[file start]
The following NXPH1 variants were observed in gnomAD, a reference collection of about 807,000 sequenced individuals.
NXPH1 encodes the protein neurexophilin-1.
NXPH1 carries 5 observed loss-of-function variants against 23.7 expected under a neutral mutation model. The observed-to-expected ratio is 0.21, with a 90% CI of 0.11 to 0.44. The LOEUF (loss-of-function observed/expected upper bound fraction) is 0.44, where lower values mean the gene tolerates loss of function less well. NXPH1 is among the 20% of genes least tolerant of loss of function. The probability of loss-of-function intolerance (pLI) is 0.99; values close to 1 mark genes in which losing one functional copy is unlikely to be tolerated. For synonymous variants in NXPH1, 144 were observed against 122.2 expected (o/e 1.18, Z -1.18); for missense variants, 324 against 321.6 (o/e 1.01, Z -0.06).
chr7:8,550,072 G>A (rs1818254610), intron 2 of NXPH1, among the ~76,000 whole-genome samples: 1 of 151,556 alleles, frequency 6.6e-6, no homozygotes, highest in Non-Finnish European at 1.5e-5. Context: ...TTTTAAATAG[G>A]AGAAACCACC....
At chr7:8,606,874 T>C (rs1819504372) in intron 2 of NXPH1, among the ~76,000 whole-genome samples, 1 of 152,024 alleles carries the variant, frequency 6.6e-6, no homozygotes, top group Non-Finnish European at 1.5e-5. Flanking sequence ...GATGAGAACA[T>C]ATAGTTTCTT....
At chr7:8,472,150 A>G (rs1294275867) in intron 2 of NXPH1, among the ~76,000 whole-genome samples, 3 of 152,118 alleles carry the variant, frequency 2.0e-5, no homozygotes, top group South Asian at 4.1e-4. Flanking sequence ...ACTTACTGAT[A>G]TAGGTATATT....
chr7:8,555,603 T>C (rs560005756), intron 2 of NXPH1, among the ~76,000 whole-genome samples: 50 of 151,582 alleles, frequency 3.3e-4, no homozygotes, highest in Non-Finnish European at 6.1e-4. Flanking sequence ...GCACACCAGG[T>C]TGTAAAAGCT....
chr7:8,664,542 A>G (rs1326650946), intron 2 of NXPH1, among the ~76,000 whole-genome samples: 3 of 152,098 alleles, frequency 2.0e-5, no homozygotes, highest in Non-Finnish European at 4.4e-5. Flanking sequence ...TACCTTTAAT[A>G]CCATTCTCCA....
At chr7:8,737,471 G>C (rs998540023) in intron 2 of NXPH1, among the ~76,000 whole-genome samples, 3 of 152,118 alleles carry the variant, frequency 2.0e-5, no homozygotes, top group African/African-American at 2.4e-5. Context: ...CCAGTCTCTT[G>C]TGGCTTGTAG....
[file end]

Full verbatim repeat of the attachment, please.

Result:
The following NXPH1 variants were observed in gnomAD, a reference collection of about 807,000 sequenced individuals.
NXPH1 encodes the protein neurexophilin-1.
NXPH1 carries 5 observed loss-of-function variants against 23.7 expected under a neutral mutation model. The observed-to-expected ratio is 0.21, with a 90% CI of 0.11 to 0.44. The LOEUF (loss-of-function observed/expected upper bound fraction) is 0.44, where lower values mean the gene tolerates loss of function less well. NXPH1 is among the 20% of genes least tolerant of loss of function. The probability of loss-of-function intolerance (pLI) is 0.99; values close to 1 mark genes in which losing one functional copy is unlikely to be tolerated. For synonymous variants in NXPH1, 144 were observed against 122.2 expected (o/e 1.18, Z -1.18); for missense variants, 324 against 321.6 (o/e 1.01, Z -0.06).
chr7:8,550,072 G>A (rs1818254610), intron 2 of NXPH1, among the ~76,000 whole-genome samples: 1 of 151,556 alleles, frequency 6.6e-6, no homozygotes, highest in Non-Finnish European at 1.5e-5. Context: ...TTTTAAATAG[G>A]AGAAACCACC....
At chr7:8,606,874 T>C (rs1819504372) in intron 2 of NXPH1, among the ~76,000 whole-genome samples, 1 of 152,024 alleles carries the variant, frequency 6.6e-6, no homozygotes, top group Non-Finnish European at 1.5e-5. Flanking sequence ...GATGAGAACA[T>C]ATAGTTTCTT....
At chr7:8,472,150 A>G (rs1294275867) in intron 2 of NXPH1, among the ~76,000 whole-genome samples, 3 of 152,118 alleles carry the variant, frequency 2.0e-5, no homozygotes, top group South Asian at 4.1e-4. Flanking sequence ...ACTTACTGAT[A>G]TAGGTATATT....
chr7:8,555,603 T>C (rs560005756), intron 2 of NXPH1, among the ~76,000 whole-genome samples: 50 of 151,582 alleles, frequency 3.3e-4, no homozygotes, highest in Non-Finnish European at 6.1e-4. Flanking sequence ...GCACACCAGG[T>C]TGTAAAAGCT....
chr7:8,664,542 A>G (rs1326650946), intron 2 of NXPH1, among the ~76,000 whole-genome samples: 3 of 152,098 alleles, frequency 2.0e-5, no homozygotes, highest in Non-Finnish European at 4.4e-5. Flanking sequence ...TACCTTTAAT[A>G]CCATTCTCCA....
At chr7:8,737,471 G>C (rs998540023) in intron 2 of NXPH1, among the ~76,000 whole-genome samples, 3 of 152,118 alleles carry the variant, frequency 2.0e-5, no homozygotes, top group African/African-American at 2.4e-5. Context: ...CCAGTCTCTT[G>C]TGGCTTGTAG....